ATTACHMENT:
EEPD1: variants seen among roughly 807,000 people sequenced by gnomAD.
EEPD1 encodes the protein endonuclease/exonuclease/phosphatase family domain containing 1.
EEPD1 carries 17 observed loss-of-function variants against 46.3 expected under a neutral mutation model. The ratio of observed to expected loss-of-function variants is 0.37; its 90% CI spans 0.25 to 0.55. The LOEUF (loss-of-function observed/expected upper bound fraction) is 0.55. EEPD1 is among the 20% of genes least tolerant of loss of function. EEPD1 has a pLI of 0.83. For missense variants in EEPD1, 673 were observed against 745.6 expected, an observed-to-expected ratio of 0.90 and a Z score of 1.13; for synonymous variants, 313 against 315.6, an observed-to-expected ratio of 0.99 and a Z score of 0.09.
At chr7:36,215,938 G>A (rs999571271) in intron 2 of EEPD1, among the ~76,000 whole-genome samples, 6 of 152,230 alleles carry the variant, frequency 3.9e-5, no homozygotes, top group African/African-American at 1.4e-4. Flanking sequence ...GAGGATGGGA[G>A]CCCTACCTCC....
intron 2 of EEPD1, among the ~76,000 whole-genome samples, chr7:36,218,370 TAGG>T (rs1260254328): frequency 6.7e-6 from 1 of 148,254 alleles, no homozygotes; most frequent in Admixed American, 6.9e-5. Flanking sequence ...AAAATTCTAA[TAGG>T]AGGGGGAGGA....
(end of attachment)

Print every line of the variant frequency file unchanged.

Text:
EEPD1: variants seen among roughly 807,000 people sequenced by gnomAD.
EEPD1 encodes the protein endonuclease/exonuclease/phosphatase family domain containing 1.
EEPD1 carries 17 observed loss-of-function variants against 46.3 expected under a neutral mutation model. The ratio of observed to expected loss-of-function variants is 0.37; its 90% CI spans 0.25 to 0.55. The LOEUF (loss-of-function observed/expected upper bound fraction) is 0.55. EEPD1 is among the 20% of genes least tolerant of loss of function. EEPD1 has a pLI of 0.83. For missense variants in EEPD1, 673 were observed against 745.6 expected, an observed-to-expected ratio of 0.90 and a Z score of 1.13; for synonymous variants, 313 against 315.6, an observed-to-expected ratio of 0.99 and a Z score of 0.09.
At chr7:36,215,938 G>A (rs999571271) in intron 2 of EEPD1, among the ~76,000 whole-genome samples, 6 of 152,230 alleles carry the variant, frequency 3.9e-5, no homozygotes, top group African/African-American at 1.4e-4. Flanking sequence ...GAGGATGGGA[G>A]CCCTACCTCC....
intron 2 of EEPD1, among the ~76,000 whole-genome samples, chr7:36,218,370 TAGG>T (rs1260254328): frequency 6.7e-6 from 1 of 148,254 alleles, no homozygotes; most frequent in Admixed American, 6.9e-5. Flanking sequence ...AAAATTCTAA[TAGG>T]AGGGGGAGGA....